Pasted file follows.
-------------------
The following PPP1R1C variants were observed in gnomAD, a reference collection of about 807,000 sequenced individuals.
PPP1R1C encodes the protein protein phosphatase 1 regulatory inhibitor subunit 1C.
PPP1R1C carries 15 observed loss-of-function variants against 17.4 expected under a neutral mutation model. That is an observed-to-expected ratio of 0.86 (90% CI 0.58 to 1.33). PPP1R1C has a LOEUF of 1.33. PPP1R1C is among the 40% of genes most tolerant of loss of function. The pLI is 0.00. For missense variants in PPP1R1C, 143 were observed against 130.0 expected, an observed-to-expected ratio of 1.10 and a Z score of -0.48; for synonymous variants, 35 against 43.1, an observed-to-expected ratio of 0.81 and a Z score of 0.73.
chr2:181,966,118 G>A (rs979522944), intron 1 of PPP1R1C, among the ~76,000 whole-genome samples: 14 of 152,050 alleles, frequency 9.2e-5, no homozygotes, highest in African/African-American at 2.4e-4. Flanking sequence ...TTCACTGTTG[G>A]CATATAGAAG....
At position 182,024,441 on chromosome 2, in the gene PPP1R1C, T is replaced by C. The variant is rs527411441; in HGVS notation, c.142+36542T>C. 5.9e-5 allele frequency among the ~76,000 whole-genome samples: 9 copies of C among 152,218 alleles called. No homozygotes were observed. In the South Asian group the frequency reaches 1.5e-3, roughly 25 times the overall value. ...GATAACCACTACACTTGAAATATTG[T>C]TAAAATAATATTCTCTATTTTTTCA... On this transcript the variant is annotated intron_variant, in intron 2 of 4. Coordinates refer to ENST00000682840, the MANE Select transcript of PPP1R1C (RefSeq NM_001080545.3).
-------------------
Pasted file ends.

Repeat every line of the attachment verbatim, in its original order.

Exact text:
The following PPP1R1C variants were observed in gnomAD, a reference collection of about 807,000 sequenced individuals.
PPP1R1C encodes the protein protein phosphatase 1 regulatory inhibitor subunit 1C.
PPP1R1C carries 15 observed loss-of-function variants against 17.4 expected under a neutral mutation model. That is an observed-to-expected ratio of 0.86 (90% CI 0.58 to 1.33). PPP1R1C has a LOEUF of 1.33. PPP1R1C is among the 40% of genes most tolerant of loss of function. The pLI is 0.00. For missense variants in PPP1R1C, 143 were observed against 130.0 expected, an observed-to-expected ratio of 1.10 and a Z score of -0.48; for synonymous variants, 35 against 43.1, an observed-to-expected ratio of 0.81 and a Z score of 0.73.
chr2:181,966,118 G>A (rs979522944), intron 1 of PPP1R1C, among the ~76,000 whole-genome samples: 14 of 152,050 alleles, frequency 9.2e-5, no homozygotes, highest in African/African-American at 2.4e-4. Flanking sequence ...TTCACTGTTG[G>A]CATATAGAAG....
At position 182,024,441 on chromosome 2, in the gene PPP1R1C, T is replaced by C. The variant is rs527411441; in HGVS notation, c.142+36542T>C. 5.9e-5 allele frequency among the ~76,000 whole-genome samples: 9 copies of C among 152,218 alleles called. No homozygotes were observed. In the South Asian group the frequency reaches 1.5e-3, roughly 25 times the overall value. ...GATAACCACTACACTTGAAATATTG[T>C]TAAAATAATATTCTCTATTTTTTCA... On this transcript the variant is annotated intron_variant, in intron 2 of 4. Coordinates refer to ENST00000682840, the MANE Select transcript of PPP1R1C (RefSeq NM_001080545.3).